“I had years of bad periods and pain. Almost every month, I had to take a few days off school. Doctors kept telling me that I just had to put up with the pain, that it was normal and that I should get used to it!
My consultant even told me when I was 18 that I should just have a baby because that would make the period pain calm down!!!!! This wasn’t an option because I wanted to go to college, I wanted to go to university and more than anything… I just wanted to lead a normal life!
So I carried on pushing and asking for help and seeing my doctors. Eventually I was diagnosed with something called endometriosis. This was scary but a huge relief too! Finally, I realised that what I was going through wasn’t normal, it has a name… and girls across the country are going through the same thing!
If you are going through the same thing as I have, then I can offer only one piece of advice… don’t give up!”
“I started my first period at thirteen years old. My symptoms came on straight away. These were very heavy bleeding, blood clots, and extreme pain. These began at the end of Year Nine, by Year Ten I was struggling so much due to being ill. I ended up having a lot of time off school. When I eventually went back I had no friends, I was so behind, and was still trying to cope with being ill.
I could not manage full weeks at school. When I was there I used to leak through my sanitary pads onto my underwear and clothes. My school had a rule you weren’t allowed the toilet in lessons and I had to get my mum to come in to explain and then get a note from my Head of Year, and even then I looked so different to other students, as I was the only who was allowed to go to the toilet, once again making me different and isolated.
My GCSE’s were also affected; I sat one late and all my grades dropped as a result of living with this condition that I knew nothing about.
From my first period, my life changed and I quickly had to get used to it. I was so alone and felt like nobody knew what I was going through, I even started to worry that maybe it was all just in my head!
As the years went by my symptoms got progressively worse. College was hard and I had to put so much more effort in than others just to get through the day. I went back to the doctors time and again but nothing changed.
After much struggling, I was diagnosed with something called endometriosis. It wasn’t nice to hear but it was good to finally know that people believed me and that there was a reason for my pain. Now, I am finally listening to my body, have a doctor I trust, and have decide my own treatment plan. I am trying different courses of medicine and am following a nutritionist’s eating plan and feel the best I ever have.
My advice to young girls going though what I did is simple… don’t give up!
You know that you are ill and you know that it is not all just in your head. Keep going to your doctors, keep pestering and keep demanding to be listened to.”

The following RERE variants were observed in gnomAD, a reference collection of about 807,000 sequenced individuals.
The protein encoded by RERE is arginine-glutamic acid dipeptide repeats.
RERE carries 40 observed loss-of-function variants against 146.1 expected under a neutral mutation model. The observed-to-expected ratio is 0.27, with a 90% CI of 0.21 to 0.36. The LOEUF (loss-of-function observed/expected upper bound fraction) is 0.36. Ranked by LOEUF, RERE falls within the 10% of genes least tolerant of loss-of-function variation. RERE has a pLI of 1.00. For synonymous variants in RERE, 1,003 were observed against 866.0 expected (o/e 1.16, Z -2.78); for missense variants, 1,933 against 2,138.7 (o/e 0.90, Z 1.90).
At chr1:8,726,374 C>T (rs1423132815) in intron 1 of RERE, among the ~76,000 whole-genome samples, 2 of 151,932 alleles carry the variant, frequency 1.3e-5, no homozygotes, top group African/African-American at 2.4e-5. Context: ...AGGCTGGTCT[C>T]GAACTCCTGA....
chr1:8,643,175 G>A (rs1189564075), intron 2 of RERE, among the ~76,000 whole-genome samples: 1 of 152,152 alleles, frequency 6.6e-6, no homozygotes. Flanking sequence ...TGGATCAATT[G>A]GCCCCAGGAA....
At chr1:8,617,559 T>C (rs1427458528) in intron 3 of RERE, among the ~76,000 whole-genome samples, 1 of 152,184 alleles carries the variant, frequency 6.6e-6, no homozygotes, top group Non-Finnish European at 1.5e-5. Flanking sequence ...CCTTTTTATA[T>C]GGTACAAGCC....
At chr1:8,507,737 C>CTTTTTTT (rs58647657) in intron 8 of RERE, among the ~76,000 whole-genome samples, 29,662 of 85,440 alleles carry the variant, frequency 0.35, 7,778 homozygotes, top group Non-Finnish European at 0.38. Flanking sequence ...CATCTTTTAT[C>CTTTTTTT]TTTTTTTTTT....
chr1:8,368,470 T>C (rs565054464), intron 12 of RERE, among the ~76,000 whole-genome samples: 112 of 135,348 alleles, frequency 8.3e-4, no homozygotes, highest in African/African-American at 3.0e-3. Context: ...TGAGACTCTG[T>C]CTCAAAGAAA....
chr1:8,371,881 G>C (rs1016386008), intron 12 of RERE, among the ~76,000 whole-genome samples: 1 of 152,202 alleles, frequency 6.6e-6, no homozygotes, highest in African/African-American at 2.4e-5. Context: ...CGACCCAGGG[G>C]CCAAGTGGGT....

Melissa, aged 20
Most girls have some pain and discomfort, leading up to, during and after their period. This is normal. In fact, the NHS says that 3 in 4 women of young women experience strong period pains. But the pain should not be so intense that you cannot still get up, go to school or college and carry on with your normal life. If it is then you should speak to somebody.
You might also experience what’s known as ‘heavy bleeding’. This is normal as your body gets used to the menstrual cycle. But it is not normal for periods to ALWAYS be really, really heavy. Again, if they are then speak to somebody.
During their periods, many girls find hot water bottles help.
Simple measures can help with period pains. This include gentle exercise, drinking plenty of water, eat a healthy diet and avoid constipation. A hot water bottle or a warm bath can also help. Over-the-counter remedies such as Paracetamol and Ibuprofen are also very useful.
What is a period?
Every woman goes through something called the menstrual cycle, every month. It can be scary and confusing as your body changes but don’t worry… you are not on your own.
Puberty starts in most girls at about the age of 10 and means that you start to develop breasts and grow hair in your armpits and pubic area.
Periods start towards the end of puberty when breast and hair growth is almost finished. A period is when a girl bleeds from her vagina for a few days. This usually happens once a month.The most common age for periods to start is between the age of 12 and 13. However anywhere between 10 and 16 can be normal.
A ‘normal period’ lasts anywhere from a couple of days to a week. Every girl will bleed different amounts. During the heaviest part of your period, you will probably need to change your tampon (or towel) every 3 to 4 hours.
Feeling moody? Emotional?
You’re not the only one! Most girls do (feel moody or emotional) on the run-up to their periods. This is to do with your hormone levels changing.
Heavy Periods? Periods lasting longer than a few days?
For the first few years your period might last a bit longer than a few days. And it might happen more or less often than once a month. As your hormones settle down and your body gets used to it, it will start to get into more of a pattern.
But… that’s not always the case…
Are you worried about your periods? Don’t know what to expect? Worried that what you are going through might not be normal.
Welcome to our blog, run by Endometriosis UK, where you can find all the latest information on what happens during your period, we’ll be busting the myths and giving you the facts, without the scare stories.